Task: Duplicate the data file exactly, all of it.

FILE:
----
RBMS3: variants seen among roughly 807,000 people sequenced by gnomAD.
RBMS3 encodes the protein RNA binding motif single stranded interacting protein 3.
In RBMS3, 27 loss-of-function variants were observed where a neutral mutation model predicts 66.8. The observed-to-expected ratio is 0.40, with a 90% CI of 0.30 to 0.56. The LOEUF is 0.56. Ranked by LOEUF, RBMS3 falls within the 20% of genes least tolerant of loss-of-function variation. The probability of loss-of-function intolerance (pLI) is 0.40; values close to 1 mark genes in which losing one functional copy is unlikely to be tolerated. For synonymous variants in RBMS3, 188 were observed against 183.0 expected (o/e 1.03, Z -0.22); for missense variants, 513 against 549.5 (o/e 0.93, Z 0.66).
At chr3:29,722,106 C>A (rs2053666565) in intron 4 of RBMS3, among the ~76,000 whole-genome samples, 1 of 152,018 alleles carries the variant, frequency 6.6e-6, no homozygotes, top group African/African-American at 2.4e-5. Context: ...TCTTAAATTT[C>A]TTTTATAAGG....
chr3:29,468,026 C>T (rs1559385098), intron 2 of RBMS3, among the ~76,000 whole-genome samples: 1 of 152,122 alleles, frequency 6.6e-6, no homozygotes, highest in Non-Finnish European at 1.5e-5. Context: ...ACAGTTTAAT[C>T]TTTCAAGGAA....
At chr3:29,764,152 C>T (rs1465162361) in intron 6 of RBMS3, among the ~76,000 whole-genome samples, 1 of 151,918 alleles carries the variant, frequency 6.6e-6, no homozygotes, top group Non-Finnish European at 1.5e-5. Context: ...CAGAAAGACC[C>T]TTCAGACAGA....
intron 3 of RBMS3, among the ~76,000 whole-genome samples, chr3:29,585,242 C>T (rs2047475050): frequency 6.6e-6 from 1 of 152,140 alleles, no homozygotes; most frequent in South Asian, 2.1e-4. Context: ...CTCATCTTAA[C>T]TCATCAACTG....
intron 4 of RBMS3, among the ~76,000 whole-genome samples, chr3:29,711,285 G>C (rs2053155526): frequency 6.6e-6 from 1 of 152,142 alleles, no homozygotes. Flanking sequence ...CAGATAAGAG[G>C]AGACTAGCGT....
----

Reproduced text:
RBMS3: variants seen among roughly 807,000 people sequenced by gnomAD.
RBMS3 encodes the protein RNA binding motif single stranded interacting protein 3.
In RBMS3, 27 loss-of-function variants were observed where a neutral mutation model predicts 66.8. The observed-to-expected ratio is 0.40, with a 90% CI of 0.30 to 0.56. The LOEUF is 0.56. Ranked by LOEUF, RBMS3 falls within the 20% of genes least tolerant of loss-of-function variation. The probability of loss-of-function intolerance (pLI) is 0.40; values close to 1 mark genes in which losing one functional copy is unlikely to be tolerated. For synonymous variants in RBMS3, 188 were observed against 183.0 expected (o/e 1.03, Z -0.22); for missense variants, 513 against 549.5 (o/e 0.93, Z 0.66).
At chr3:29,722,106 C>A (rs2053666565) in intron 4 of RBMS3, among the ~76,000 whole-genome samples, 1 of 152,018 alleles carries the variant, frequency 6.6e-6, no homozygotes, top group African/African-American at 2.4e-5. Context: ...TCTTAAATTT[C>A]TTTTATAAGG....
chr3:29,468,026 C>T (rs1559385098), intron 2 of RBMS3, among the ~76,000 whole-genome samples: 1 of 152,122 alleles, frequency 6.6e-6, no homozygotes, highest in Non-Finnish European at 1.5e-5. Context: ...ACAGTTTAAT[C>T]TTTCAAGGAA....
At chr3:29,764,152 C>T (rs1465162361) in intron 6 of RBMS3, among the ~76,000 whole-genome samples, 1 of 151,918 alleles carries the variant, frequency 6.6e-6, no homozygotes, top group Non-Finnish European at 1.5e-5. Context: ...CAGAAAGACC[C>T]TTCAGACAGA....
intron 3 of RBMS3, among the ~76,000 whole-genome samples, chr3:29,585,242 C>T (rs2047475050): frequency 6.6e-6 from 1 of 152,140 alleles, no homozygotes; most frequent in South Asian, 2.1e-4. Context: ...CTCATCTTAA[C>T]TCATCAACTG....
intron 4 of RBMS3, among the ~76,000 whole-genome samples, chr3:29,711,285 G>C (rs2053155526): frequency 6.6e-6 from 1 of 152,142 alleles, no homozygotes. Flanking sequence ...CAGATAAGAG[G>C]AGACTAGCGT....